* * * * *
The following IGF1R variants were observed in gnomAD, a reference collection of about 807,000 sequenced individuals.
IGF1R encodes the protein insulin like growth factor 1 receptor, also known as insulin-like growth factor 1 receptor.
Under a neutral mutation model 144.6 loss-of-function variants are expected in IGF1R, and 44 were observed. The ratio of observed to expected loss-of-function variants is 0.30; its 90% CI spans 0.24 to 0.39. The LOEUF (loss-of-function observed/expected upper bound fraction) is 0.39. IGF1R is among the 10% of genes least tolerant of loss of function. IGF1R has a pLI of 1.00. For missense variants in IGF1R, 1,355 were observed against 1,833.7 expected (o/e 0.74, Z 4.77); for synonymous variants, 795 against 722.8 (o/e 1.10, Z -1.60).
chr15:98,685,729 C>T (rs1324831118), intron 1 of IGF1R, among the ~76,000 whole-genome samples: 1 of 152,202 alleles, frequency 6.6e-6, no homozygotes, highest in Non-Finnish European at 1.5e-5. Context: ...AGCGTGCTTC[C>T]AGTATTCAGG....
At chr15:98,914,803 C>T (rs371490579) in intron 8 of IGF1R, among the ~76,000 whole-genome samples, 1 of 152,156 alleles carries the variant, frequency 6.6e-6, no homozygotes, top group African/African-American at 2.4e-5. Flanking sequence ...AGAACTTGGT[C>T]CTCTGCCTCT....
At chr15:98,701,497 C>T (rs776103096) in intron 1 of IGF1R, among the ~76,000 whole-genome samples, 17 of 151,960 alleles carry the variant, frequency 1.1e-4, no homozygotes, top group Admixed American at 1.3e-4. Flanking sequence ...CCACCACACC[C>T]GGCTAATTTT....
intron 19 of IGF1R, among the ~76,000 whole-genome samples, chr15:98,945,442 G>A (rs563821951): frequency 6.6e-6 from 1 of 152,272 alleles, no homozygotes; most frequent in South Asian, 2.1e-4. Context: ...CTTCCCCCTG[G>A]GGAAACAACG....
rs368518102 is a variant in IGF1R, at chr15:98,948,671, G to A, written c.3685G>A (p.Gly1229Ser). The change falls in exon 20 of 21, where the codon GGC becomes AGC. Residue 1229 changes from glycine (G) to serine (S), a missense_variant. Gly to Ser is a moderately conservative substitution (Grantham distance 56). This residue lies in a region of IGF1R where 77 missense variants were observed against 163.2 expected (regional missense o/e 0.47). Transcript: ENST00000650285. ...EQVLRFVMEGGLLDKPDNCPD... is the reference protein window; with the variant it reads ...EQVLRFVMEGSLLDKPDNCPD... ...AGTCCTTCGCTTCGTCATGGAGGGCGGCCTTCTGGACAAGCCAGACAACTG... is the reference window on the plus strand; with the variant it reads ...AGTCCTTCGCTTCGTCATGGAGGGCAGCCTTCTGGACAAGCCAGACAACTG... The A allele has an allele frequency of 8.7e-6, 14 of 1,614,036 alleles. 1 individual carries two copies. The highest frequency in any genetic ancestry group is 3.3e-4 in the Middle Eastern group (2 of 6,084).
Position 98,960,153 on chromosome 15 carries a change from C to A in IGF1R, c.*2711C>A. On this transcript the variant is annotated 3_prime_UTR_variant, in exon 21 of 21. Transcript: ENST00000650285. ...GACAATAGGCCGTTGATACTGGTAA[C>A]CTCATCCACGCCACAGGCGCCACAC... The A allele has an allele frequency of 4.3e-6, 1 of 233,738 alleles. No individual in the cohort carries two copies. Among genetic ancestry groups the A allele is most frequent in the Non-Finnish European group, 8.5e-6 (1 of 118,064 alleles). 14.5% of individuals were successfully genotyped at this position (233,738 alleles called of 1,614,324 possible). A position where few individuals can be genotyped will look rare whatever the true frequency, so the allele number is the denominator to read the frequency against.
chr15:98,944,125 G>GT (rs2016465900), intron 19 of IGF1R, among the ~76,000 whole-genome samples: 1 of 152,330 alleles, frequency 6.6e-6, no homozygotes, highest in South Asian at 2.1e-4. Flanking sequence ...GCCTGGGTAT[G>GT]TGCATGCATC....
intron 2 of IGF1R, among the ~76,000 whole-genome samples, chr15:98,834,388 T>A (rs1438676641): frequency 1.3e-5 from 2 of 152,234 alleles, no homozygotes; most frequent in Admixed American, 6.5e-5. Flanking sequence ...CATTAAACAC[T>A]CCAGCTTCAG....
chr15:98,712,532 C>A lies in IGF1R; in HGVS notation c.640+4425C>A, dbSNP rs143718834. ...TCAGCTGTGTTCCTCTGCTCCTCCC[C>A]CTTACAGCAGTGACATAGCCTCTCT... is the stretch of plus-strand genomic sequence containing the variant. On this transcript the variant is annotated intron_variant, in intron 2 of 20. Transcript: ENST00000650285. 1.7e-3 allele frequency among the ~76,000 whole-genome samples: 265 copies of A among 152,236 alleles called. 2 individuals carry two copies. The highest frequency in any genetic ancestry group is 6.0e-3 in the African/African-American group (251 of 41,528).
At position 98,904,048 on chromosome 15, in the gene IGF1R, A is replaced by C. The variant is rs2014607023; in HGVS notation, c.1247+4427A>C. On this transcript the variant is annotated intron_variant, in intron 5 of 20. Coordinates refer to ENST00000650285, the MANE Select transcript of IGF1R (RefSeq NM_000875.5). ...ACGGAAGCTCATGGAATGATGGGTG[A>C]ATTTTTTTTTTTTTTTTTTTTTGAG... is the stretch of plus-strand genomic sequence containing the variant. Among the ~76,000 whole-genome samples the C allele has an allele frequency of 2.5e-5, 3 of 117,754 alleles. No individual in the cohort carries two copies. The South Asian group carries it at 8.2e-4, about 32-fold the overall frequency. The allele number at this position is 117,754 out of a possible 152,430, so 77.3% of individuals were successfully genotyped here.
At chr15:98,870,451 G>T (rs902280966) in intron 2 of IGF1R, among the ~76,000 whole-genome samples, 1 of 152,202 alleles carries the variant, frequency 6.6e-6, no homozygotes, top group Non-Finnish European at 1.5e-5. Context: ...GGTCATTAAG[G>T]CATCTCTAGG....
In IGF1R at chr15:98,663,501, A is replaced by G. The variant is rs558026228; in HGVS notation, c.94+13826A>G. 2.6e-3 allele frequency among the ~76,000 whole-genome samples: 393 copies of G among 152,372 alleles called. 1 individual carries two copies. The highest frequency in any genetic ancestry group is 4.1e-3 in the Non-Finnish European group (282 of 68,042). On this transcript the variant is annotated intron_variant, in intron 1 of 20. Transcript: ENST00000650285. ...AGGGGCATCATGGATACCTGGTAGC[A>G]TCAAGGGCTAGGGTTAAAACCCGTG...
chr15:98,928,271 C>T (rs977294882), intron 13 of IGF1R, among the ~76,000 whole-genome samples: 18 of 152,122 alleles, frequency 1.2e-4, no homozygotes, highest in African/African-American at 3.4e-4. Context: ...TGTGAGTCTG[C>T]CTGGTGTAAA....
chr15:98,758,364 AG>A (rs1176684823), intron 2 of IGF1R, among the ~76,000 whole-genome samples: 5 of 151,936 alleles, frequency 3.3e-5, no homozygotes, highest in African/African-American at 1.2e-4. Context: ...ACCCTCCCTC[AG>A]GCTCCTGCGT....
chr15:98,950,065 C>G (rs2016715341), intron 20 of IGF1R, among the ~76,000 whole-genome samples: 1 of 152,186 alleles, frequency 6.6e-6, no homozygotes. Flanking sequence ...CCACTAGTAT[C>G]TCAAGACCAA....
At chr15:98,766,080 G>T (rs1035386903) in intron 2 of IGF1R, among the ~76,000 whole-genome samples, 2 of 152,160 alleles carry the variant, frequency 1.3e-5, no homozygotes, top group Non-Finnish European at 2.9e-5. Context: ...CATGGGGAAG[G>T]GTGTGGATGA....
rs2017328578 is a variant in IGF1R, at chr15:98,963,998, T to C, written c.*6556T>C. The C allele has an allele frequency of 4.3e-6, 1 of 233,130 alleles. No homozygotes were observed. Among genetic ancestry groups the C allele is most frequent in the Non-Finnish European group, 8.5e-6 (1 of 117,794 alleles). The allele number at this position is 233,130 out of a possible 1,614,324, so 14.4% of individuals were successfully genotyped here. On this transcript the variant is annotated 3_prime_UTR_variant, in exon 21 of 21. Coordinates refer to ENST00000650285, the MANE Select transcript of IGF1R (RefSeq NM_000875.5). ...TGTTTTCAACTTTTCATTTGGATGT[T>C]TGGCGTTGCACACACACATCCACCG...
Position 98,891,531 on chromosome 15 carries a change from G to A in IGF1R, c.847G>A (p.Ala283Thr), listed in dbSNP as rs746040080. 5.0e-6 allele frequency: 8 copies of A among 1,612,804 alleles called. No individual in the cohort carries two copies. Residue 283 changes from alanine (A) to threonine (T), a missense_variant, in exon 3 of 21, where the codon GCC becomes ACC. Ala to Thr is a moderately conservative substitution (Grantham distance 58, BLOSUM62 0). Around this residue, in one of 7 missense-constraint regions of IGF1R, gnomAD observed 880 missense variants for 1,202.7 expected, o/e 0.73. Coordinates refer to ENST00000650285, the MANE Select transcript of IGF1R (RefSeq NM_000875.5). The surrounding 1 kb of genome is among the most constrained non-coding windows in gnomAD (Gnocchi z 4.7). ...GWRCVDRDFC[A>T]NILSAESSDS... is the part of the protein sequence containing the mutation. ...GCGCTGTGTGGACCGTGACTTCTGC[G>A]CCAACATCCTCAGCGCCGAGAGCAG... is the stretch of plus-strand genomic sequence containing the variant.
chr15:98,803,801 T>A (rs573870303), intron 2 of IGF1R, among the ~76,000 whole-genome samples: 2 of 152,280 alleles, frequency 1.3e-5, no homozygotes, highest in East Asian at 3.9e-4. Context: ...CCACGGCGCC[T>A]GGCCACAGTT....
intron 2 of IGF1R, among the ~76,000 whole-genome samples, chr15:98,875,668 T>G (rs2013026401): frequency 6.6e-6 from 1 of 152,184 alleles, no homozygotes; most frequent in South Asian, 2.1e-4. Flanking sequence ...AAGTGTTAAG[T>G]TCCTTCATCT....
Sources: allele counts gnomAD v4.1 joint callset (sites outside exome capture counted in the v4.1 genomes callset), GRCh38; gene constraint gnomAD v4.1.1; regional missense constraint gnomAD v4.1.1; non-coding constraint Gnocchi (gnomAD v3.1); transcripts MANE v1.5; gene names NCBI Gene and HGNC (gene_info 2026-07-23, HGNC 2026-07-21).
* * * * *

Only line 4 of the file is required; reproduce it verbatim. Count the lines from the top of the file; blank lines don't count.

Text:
chr15:98,685,729 C>T (rs1324831118), intron 1 of IGF1R, among the ~76,000 whole-genome samples: 1 of 152,202 alleles, frequency 6.6e-6, no homozygotes, highest in Non-Finnish European at 1.5e-5. Context: ...AGCGTGCTTC[C>T]AGTATTCAGG....